He'd had that dream again, last night. He somehow knew he was near water and he could hear two people laughing at him. It was such a vague, silly dream that he had not thought to mention it to anyone, not even his wife...
They were already a good part of the way to their destination, when Derrick's Satnav flashed up an alert.
He glanced at it, frowned and said: "Paul. You haven't got anything better to do, have you?"
Paul, his companion on the journey, said in an amused tone of voice: "No, well, not really. Why? What's up?"
He replied: "There's been a bad smash on the motorway, two junctions ahead of us. I'll just get my satnav to work out an alternative route. If we take the next junction we should be able to take a detour and bypass the crash and get back on track. We'll be late, but at least we'll get there."
Half a minute later he groaned. "Oh, famous last words! The alternative route is also blocked. Looks like we would not be able to make it to the Northern office much before 6pm at the present rate. Instead of trying an alternative route, I'll get the next junction and rejoin the southbound traffic and head back to London."
He pointed to his hands free phone in its dashboard cradle. "Paul, mate, do me a favour, please? Call the office where our appointment is and tell them what's happened. Give them my apologies, too."
Paul keyed the number in and made the call. When he terminated the call he turned to Derrick and asked: "Do you want me to phone HQ and tell them what's happened?"
"Please!" his companion responded.
But when Paul tried to dial the number, nothing happened. He frowned. "Sorry, I think I just buggered your phone up!" he said, apologetically.
"Oh, no! Not again! It's nothing you did. I keep telling our IT people there's something wrong with that bloody phone! I think there's a faulty connection, somewhere. I'll go directly to IT, after lunch. Got some errands I might as well run, before I do that. What'll you do with your unexpected time back at the office?"
"If we get back by one, I might just go straight into my wife's office and take her out to lunch! She's been working on a number of special projects, recently. I worry that she's being overdoing it, these last twelve months. She always seems so tired."
Derrick paused for a few seconds, waiting until he had passed a caravan before he replied. "Sorry about that. But caravans always make me nervous out on the road! Yeah, your wife is the PA to Gary Briggs, the company CEO. I understand that you and Beth know Gary and his wife Sally, socially? Doesn't that cause any problems?"
Paul replied easily: "Well, you'd think it would, that it might, but it's made no difference between us. Well, no difference so far, that is. We generally keep work and pleasure separate."
Derrick accelerated past a garishly coloured Hackney Carriage before speaking again. "You going to phone your wife to tell her that you are already on the way back?"
"I'd love to," said Paul, grinning. "But guess who left his mobile phone in his briefcase in the boot?!"
"Ah, never mind. I'll pop in to see David Banning my line manager after lunch. He can call the people up north to reschedule the meeting."
He gave Paul a fleeting glance, quickly returning his eyes to the motorway that was taking them back toward London. "What about you? Who is your line manager, now?"
"It's still Gary. He's still the person I report to."
"Oh! I wondered if there'd been a demotion for you? After all, following all your high profile projects of the last few years it must seem a bit of a comedown, with you having to sit in on sales presentations and regional office meetings like the one I had planned for today."
"It's not a demotion, though I can see why it would look like it was. It's a bit of a curious one, I have to admit. Although I am not entirely certain about this, it's just what I have surmised, it seems that Gary got a bee in his bonnet about certain people who he felt were underperforming.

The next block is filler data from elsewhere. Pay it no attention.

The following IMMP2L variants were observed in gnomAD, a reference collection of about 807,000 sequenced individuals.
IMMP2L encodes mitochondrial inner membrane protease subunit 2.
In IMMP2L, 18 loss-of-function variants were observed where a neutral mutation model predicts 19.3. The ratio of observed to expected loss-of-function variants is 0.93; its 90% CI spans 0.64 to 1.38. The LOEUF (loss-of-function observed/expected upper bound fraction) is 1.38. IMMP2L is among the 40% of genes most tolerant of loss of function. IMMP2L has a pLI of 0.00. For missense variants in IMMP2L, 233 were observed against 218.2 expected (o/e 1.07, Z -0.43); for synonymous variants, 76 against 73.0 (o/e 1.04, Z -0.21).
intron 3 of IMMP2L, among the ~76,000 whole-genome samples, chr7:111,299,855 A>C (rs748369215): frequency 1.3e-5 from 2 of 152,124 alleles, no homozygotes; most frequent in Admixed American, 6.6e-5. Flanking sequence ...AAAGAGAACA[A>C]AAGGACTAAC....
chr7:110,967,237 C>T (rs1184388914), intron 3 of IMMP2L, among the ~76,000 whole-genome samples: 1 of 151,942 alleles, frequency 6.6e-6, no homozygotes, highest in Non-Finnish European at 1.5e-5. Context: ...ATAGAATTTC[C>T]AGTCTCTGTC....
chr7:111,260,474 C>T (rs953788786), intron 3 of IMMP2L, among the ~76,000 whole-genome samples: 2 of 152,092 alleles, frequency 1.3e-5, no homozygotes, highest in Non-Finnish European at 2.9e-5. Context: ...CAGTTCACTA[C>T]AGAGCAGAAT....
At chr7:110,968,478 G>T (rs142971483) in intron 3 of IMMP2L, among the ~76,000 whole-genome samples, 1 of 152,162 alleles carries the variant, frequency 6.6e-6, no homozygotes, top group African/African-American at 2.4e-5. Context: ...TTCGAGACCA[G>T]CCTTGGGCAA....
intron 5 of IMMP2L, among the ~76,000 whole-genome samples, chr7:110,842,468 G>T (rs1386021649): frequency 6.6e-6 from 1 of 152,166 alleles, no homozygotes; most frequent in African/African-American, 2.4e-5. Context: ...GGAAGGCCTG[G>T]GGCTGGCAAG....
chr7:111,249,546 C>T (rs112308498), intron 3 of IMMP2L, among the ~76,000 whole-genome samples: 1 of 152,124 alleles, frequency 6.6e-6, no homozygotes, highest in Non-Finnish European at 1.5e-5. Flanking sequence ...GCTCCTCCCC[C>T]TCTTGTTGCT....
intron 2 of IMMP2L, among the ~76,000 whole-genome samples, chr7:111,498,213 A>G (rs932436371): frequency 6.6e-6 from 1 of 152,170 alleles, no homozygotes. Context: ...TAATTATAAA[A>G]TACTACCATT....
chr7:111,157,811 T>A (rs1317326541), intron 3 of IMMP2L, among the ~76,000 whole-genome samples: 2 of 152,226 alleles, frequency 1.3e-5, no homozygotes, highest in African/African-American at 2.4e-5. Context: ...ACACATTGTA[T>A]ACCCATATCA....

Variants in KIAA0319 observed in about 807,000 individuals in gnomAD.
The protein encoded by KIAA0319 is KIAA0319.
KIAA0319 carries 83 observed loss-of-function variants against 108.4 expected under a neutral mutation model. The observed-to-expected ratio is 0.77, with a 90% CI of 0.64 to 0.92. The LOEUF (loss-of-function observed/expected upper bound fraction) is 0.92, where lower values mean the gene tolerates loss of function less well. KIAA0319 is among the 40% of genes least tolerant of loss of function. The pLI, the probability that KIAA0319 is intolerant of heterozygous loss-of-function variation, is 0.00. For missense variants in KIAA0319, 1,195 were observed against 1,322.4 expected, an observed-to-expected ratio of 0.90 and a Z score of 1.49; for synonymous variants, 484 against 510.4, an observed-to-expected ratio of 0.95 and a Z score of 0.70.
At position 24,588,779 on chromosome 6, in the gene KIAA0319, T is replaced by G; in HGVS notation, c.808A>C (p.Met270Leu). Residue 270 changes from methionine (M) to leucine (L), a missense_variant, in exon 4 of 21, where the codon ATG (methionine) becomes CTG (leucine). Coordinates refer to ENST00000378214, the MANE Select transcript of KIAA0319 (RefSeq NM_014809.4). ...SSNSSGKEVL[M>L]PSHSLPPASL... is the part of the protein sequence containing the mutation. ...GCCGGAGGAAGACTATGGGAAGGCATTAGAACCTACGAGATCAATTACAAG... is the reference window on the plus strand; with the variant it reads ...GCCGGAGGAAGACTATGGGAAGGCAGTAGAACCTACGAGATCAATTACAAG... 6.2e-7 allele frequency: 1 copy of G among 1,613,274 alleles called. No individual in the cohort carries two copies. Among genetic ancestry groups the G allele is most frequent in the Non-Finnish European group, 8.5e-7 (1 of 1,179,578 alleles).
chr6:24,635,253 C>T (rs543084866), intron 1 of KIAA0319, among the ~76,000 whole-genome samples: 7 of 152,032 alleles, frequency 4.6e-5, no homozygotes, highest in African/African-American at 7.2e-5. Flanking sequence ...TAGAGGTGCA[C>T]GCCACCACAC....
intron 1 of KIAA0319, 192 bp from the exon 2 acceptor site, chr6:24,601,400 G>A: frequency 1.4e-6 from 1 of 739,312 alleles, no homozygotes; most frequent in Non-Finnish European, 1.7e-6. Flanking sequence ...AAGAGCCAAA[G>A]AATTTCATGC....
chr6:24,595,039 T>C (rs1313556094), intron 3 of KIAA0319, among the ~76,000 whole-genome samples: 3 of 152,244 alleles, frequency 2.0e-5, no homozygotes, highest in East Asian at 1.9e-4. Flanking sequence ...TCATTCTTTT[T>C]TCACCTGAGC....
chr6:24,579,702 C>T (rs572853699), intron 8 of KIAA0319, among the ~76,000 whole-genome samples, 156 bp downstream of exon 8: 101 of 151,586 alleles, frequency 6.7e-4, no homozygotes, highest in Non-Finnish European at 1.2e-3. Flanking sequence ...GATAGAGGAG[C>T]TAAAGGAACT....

"But he did not know what to do, as he was unsure if their failings were caused by them, or if they'd somehow been let down or failed in some way by the company training programme.
"And as he had a big part in designing and implementing the training programme himself, he wanted to make sure everyone got a fair shake before appropriating any blame."
Derrick said "Yes... I see. I suppose that makes sense. Still, doesn't seem to be a good use of your skills. Unless he has an idea to somehow identify the root cause of the problem and get you to create a director-led programme to deal with it?"
Paul nodded, saying: "You could well be right, though he has said nothing about anything like that."
They then began to talk of non-work related matters, the chances of Aston Villa or Chelsea to win the cup, or the contenders in the Grand National, and other such topics men talk about on long, boring car journeys.
They got back to the North London suburban HQ of their employer, just before 1pm. Derrick parked the car and walked out of the car park to a nearby parade of shops, whilst Paul, briefcase in hand, entered the vast complex that made up the Hyperology Corporation.
There were several clusters of office buildings and a modest factory floor area where trial versions of the company's products were built for testing and for the designs to be finalised before they were to be constructed in the main manufacturing plant just outside Cheadle Hulme, near Manchester.
Paul dropped his briefcase in his office, noting that his attractive secretary Rhonda was already at lunch. Pity, he mused. She could have booked him and his wife, Beth, a table at one of the nearby restaurants. Still, no matter. There was a Wetherspoons in the High Street. No need to book there, he told himself.
Besides, lunch with Beth would be good, even if it was a case of popping into the local Aldi store, grabbing some bread and cheeses and some of those dinky little bottles of wine with the screw caps and dining alfresco in the nearby park, that would still be magical, as far as Paul was concerned.
The offices of the senior executives of the Hyperology Corporation where all on the first floor. So it was a fairly short walk from Paul's office to the offices of his wife, Beth and of their boss, Gary. Gary and Beth had offices that were side by side, with a connecting door between them.
Paul walked into the outer office of Beth's assistant, Gill. When Gill saw Paul she froze. He failed to notice the stricken expression on her face. "Afternoon, Gill!" He said breezily, as he opened the door into Beth's office.